expectations, the most significant chapter in his life — and the heart of the
film — takes place not on the racetrack or in the spotlight, but far from the
beaten path of the Interstate, in the one-light town of
For McQueen, Radiator Springs is the capital of Nowheresville. He wants nothing to do with it or its small-town inhabitants, although he may make an exception for a sweet little Porche named Sally (Bonnie Hunt). But locals like gruff, no-nonsense Doc Hudson (Paul Newman), Mater the tow truck (comedian Larry the Cable Guy), and the businesslike Sheriff (Route 66 historian Michael Wallis) only confirm McQueen’s prejudices, and make him want to blow town that much sooner.
Of course circumstances contrive to keep him in town and, of course, McQueen slowly learns that he’s misjudged the town and its inhabitants — not least Doc Hudson, as in Hudson Hornet of 1950s stock-car fame.
The plot elements are familiar and
somewhat corny, most overtly resembling the 1991 Michael J. Fox comedy Doc Hollywood. But Cars has a specificity that goes beyond the lip service to
small-town values typical of such films. It’s a heartfelt elegy to a lost
culture, an homage to an almost mythic part of
The Eisenhower-era nostalgia may be sincere, but it’s not always convincing. After all, it was Eisenhower who signed the Interstate Highway Act that doomed Route 66 and its small-town culture. Cars romanticizes the local feeling of a road that turned and wound “with the land” rather than cutting across it — conveniently overlooking the fact that those turns and bends cost lives, earning sections of the highway the moniker “Bloody 66.”
By contrast, the interstate is disparagingly said to save drivers only “10 minutes of driving time,” but multiply the number of drivers per year by the time and fuel saved, and the benefit seems appreciable. It may be painful to watch communities die, but whatever the answer is, it isn’t not building better roads.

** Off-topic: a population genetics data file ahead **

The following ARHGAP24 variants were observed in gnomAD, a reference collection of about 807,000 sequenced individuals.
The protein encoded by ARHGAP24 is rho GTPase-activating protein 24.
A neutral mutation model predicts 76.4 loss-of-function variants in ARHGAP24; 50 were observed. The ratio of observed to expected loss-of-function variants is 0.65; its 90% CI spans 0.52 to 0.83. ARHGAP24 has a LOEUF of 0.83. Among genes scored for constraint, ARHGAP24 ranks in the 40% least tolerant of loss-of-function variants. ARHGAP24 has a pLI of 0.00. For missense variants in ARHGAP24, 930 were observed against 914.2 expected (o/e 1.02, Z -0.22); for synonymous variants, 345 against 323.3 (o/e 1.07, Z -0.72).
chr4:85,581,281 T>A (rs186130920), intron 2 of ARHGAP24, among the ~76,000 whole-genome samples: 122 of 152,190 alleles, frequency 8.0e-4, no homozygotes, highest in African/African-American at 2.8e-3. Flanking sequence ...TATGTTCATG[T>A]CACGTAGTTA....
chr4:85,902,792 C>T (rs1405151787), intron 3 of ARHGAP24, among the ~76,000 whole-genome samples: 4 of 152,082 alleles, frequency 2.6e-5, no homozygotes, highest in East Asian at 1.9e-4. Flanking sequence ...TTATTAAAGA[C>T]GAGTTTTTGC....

If Cars is heavy on sentiment, it’s also genuinely endearing. The story is polished to a fare-thee-well, and the filmmakers have a few surprises up their sleeves. Refreshingly, neither of the big races that bookend the film ends the way formula would dictate. Cars doesn’t just mouth the platitude that winning isn’t everything. Respect, dignity and loyalty are really honored above finishing first.
Mater the tow truck (Tow Mater, get it?) is funny and sweetly personable, and Newman’s Doc Hudson has real dignity and quiet authority. And, while praising the visuals in CG cartoons has become commonplace, Pixar’s work here goes beyond eye-popping realism into stunning beauty. This isn’t just technique; it’s art. The sprawling landscapes in Cars are even more beautiful than the colorful coral-reef vistas of Finding Nemo, and that’s saying something.
P.S. Whatever you do, don’t miss the end-credit outtakes, which include the funniest end-reel gag in Pixar history, as the cars go to a drive-in and watch excerpts from a number of films that seem awfully familiar.
Content advisory: Anthropomorphic race-car mayhem; mild crude humor; a couple of oblique double-entendres. Fine family viewing.
Stephen D. Greydanus is
editor and chief critic of